GOING NUTS FOR SOLAR
A US nut processing company that exports to over 30 markets around the world has enthusiastically embraced solar energy to fuel its operations on the fertile grounds of California’s Central Valley.
And the business' for solar is based on a lot more than its power generation capability. Setton Pistachio, the 2nd largest pistachio processor in the United States, harvests both environmental and fiscal savings with its 1.7 MW system, the largest in California’s Central Valley.
Going solar was a two-fold decision for Setton - the significant amount of energy they required for their agricultural operations and the company’s commitment to sustainability. They chose Canadian Solar products, and Cenergy Power to design and implement the solution because it has extensive experience in the agricultural sector. “Our decision to go solar with Canadian Solar and Cenergy was made simple by their outstanding track records, reputation for quality, and power quality capabilities,” said Lee Cohen, General Manager, Setton Farms.
"We are a family business and the decisions we make have to be good for customers and our growers, partners and suppliers. This project was an obvious next step in practicing what we preach about our dedication to the valley's environment and sustainable business practices," added Cohen.
In total 7,600 Canadian Solar CS6P-P modules deployed in the project. Together they provide a 1.7 megawatt solar plant that produces over 2.6 million kilowatt hours (kWh) of clean renewable energy per year - to sort, roast, and package millions of pounds of pistachios in Setton’s 300,000 square foot processing facilities.
“Canadian Solar modules provide our customers with many benefits including higher than average PTC ratings, excellent workmanship, and reliability. Their modules consistently provide high efficiency when kilowatt hours are measured with respect to production numbers,” said Andrew B. Goldin, VP of Field Operations, Cenergy Power. The solar installation will reduce Setton Pistachio’s monthly energy bills along with their carbon footprint. It will continue to generate renewable energy for its owners for decades to come, stabilizing their energy budget, and creating security for their future power needs.
And, as an added advantage, the project costs were offset by federal and local incentives lowering the initial investment and establishing a payback period of 4 short years. It is also estimated that the installation will generate $14 million in energy savings over 25 years. Of course, it was great for the environment too. Potential CO2 production avoided as a result of this installation is approximately 1,880 metric tons, which is equivalent to planting 400 acres of pine forest annually.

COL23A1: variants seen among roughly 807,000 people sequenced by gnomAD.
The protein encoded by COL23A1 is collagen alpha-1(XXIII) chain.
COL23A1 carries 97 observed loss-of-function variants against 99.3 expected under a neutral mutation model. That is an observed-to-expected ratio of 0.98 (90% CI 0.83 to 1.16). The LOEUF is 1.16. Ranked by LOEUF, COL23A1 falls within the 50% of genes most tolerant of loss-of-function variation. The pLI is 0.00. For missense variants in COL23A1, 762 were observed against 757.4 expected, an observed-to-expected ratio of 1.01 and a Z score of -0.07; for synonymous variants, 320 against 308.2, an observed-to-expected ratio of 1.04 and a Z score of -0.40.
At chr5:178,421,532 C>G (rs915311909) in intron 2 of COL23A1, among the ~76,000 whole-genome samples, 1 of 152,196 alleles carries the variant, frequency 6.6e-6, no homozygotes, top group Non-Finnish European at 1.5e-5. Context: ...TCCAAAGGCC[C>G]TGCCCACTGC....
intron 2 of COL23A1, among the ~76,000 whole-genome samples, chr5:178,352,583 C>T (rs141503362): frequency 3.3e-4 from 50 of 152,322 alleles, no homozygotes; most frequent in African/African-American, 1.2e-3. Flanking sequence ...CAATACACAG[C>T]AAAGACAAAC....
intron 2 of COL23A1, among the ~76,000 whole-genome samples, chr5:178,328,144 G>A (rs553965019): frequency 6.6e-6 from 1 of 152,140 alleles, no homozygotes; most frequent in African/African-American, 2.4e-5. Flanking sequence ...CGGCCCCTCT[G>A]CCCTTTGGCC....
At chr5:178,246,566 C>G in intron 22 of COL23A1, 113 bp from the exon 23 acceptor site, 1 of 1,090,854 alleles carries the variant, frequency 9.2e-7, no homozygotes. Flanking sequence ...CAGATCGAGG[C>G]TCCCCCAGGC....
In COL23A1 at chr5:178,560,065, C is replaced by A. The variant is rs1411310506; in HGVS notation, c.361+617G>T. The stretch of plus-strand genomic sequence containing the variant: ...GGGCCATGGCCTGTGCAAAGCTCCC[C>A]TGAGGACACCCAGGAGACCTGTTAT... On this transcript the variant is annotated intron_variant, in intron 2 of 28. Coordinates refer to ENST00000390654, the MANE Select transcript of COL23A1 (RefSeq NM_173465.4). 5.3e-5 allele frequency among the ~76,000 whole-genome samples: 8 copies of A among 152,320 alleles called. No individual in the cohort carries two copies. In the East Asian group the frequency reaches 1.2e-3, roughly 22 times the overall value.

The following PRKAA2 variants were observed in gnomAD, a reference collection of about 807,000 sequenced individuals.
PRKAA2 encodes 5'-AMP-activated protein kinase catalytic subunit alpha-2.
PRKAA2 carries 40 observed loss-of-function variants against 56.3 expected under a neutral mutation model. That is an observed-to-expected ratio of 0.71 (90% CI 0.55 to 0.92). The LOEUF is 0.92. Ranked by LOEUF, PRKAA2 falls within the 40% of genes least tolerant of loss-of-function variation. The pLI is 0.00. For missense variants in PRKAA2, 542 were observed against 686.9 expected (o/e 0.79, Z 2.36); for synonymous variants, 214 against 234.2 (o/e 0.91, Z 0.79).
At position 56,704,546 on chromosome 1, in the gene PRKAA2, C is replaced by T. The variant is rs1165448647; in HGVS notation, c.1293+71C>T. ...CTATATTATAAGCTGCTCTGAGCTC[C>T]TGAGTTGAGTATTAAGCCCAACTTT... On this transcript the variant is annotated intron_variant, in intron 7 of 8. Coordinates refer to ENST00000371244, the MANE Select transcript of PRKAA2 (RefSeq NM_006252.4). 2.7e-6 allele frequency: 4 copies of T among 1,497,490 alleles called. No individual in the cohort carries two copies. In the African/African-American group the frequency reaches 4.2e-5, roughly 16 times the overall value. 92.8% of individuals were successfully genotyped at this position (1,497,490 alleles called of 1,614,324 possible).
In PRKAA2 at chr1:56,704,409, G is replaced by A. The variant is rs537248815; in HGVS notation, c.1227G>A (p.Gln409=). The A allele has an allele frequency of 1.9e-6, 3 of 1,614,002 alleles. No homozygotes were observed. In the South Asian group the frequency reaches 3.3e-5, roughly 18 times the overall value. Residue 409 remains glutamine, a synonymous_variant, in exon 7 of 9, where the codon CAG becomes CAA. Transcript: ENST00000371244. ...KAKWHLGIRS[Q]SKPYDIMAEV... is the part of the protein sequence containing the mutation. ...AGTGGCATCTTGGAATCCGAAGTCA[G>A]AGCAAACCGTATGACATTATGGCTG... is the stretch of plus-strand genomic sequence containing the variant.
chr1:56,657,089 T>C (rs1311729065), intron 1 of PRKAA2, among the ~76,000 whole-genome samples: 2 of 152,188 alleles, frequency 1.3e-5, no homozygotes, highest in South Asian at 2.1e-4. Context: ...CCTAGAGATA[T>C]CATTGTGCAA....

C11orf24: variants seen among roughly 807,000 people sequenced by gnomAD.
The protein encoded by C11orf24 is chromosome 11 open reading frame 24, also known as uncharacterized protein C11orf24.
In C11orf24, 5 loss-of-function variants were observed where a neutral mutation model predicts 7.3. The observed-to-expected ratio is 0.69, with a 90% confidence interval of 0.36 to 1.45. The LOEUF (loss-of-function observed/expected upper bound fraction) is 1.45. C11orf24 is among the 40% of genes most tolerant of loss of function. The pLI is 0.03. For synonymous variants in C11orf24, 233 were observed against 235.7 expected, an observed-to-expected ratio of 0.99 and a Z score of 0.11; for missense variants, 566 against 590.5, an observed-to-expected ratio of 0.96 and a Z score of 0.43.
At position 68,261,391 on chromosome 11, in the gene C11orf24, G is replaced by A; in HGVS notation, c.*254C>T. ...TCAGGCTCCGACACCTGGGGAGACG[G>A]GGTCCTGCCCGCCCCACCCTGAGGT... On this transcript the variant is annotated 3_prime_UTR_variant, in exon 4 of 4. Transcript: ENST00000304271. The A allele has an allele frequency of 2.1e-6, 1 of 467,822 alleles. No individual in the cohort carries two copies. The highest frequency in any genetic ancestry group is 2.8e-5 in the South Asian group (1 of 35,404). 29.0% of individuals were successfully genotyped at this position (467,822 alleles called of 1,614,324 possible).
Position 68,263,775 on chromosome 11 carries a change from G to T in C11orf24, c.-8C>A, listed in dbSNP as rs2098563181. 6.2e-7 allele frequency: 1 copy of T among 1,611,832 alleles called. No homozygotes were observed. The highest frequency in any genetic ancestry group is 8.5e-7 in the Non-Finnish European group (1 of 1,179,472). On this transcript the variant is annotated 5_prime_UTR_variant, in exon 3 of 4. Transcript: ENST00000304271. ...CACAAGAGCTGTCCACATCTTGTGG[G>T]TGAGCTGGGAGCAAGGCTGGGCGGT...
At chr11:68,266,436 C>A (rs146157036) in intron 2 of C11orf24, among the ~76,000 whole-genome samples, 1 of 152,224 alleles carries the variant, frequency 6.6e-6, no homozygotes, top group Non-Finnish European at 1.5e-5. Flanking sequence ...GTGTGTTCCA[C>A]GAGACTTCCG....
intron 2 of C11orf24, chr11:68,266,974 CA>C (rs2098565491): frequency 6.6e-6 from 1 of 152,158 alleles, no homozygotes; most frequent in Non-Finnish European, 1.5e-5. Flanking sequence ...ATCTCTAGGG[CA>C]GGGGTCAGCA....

Realtime monitoring for Setton's solar system is available here.
In addition to the above project, Canadian Solar also partnered with Cenergy in delivering a 540 kW PV System to a San Joaquin Valley Agricultural Facility.
Minturn Huller, an almond huller and sheller cooperative in Chowchilla, California serves more than 260 almond growers in the valley and runs almost 24 hours a day, 7 days a week from mid-August to November. Their PV system has 2,702 Canadian Solar CS6P-200PE eModules, which saves the facilities and estimated 20% off their annual electric bill - savings of approximately $40,000 per year.
"Our decision to go with Canadian Solar was driven by the quality and value of their products along with the outstanding service and support of their team," said Andrew B. Goldin of Cenergy.
SINGING FOR SOLAR
The Sapporo City Jazz festival is a popular annual event that takes place in Hokkaido, Japan every summer. It features local and international performers and this year Canadian Solar sponsored an exciting addition, the “Sapporo City Park Live Contest”.
“We first screened and selected the best 10 sets from the individuals and bands that entered so we could be sure of quality performances during the contest on July 21, 2014,” said Taegyu Son, Country Manager of Canadian Solar Japan. “The selected bands were then given 30 minutes each to perform in the competition, and the chance to introduce themselves and talk about their passion for their music,” he said.
The live event was attended by people of all ages and their enthusiast applause for the various performances indicated that they really enjoyed it. When the 6-hour contest ended, the US-Navy 7th Fleet Band entertained guests with an excellent performance while the judges made their final decision.
“The “KadomaYuya Quartet” won the day because the judges were particularly impressed by their authentic style. And they earned themselves an all expenses paid trip and the right to perform at the International Jazz Festival to be held in Canada or Luxembourg next year, all courtesy of Canadian Solar.
“We hope they play as well at the International Jazz festival as they did at this contest”.